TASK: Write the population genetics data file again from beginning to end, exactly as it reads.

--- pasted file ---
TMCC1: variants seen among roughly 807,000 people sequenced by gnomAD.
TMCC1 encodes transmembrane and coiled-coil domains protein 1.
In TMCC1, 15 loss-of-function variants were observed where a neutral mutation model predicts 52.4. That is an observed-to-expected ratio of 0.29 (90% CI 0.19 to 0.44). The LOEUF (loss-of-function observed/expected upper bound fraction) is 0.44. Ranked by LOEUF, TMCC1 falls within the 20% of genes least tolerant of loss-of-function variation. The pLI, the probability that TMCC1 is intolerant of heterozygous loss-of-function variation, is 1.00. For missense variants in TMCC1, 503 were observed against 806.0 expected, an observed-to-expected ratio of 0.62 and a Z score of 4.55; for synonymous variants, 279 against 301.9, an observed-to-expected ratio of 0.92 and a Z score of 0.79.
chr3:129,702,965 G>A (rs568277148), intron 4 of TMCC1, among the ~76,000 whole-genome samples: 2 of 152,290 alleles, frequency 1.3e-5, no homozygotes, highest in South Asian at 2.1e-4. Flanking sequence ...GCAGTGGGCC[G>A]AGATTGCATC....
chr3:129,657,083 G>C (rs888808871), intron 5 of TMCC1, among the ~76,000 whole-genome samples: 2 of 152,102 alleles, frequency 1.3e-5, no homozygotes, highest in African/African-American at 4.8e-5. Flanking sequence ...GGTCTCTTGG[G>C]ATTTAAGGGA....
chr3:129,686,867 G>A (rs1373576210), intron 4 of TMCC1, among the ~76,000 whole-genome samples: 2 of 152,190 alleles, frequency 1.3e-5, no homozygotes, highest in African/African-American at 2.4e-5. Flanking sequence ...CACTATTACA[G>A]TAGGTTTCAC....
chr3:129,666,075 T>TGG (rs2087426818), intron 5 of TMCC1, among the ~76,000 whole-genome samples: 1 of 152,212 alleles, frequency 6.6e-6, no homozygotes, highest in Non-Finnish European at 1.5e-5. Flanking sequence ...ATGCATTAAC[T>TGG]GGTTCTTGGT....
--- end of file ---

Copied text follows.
TMCC1: variants seen among roughly 807,000 people sequenced by gnomAD.
TMCC1 encodes transmembrane and coiled-coil domains protein 1.
In TMCC1, 15 loss-of-function variants were observed where a neutral mutation model predicts 52.4. That is an observed-to-expected ratio of 0.29 (90% CI 0.19 to 0.44). The LOEUF (loss-of-function observed/expected upper bound fraction) is 0.44. Ranked by LOEUF, TMCC1 falls within the 20% of genes least tolerant of loss-of-function variation. The pLI, the probability that TMCC1 is intolerant of heterozygous loss-of-function variation, is 1.00. For missense variants in TMCC1, 503 were observed against 806.0 expected, an observed-to-expected ratio of 0.62 and a Z score of 4.55; for synonymous variants, 279 against 301.9, an observed-to-expected ratio of 0.92 and a Z score of 0.79.
chr3:129,702,965 G>A (rs568277148), intron 4 of TMCC1, among the ~76,000 whole-genome samples: 2 of 152,290 alleles, frequency 1.3e-5, no homozygotes, highest in South Asian at 2.1e-4. Flanking sequence ...GCAGTGGGCC[G>A]AGATTGCATC....
chr3:129,657,083 G>C (rs888808871), intron 5 of TMCC1, among the ~76,000 whole-genome samples: 2 of 152,102 alleles, frequency 1.3e-5, no homozygotes, highest in African/African-American at 4.8e-5. Flanking sequence ...GGTCTCTTGG[G>C]ATTTAAGGGA....
chr3:129,686,867 G>A (rs1373576210), intron 4 of TMCC1, among the ~76,000 whole-genome samples: 2 of 152,190 alleles, frequency 1.3e-5, no homozygotes, highest in African/African-American at 2.4e-5. Flanking sequence ...CACTATTACA[G>A]TAGGTTTCAC....
chr3:129,666,075 T>TGG (rs2087426818), intron 5 of TMCC1, among the ~76,000 whole-genome samples: 1 of 152,212 alleles, frequency 6.6e-6, no homozygotes, highest in Non-Finnish European at 1.5e-5. Flanking sequence ...ATGCATTAAC[T>TGG]GGTTCTTGGT....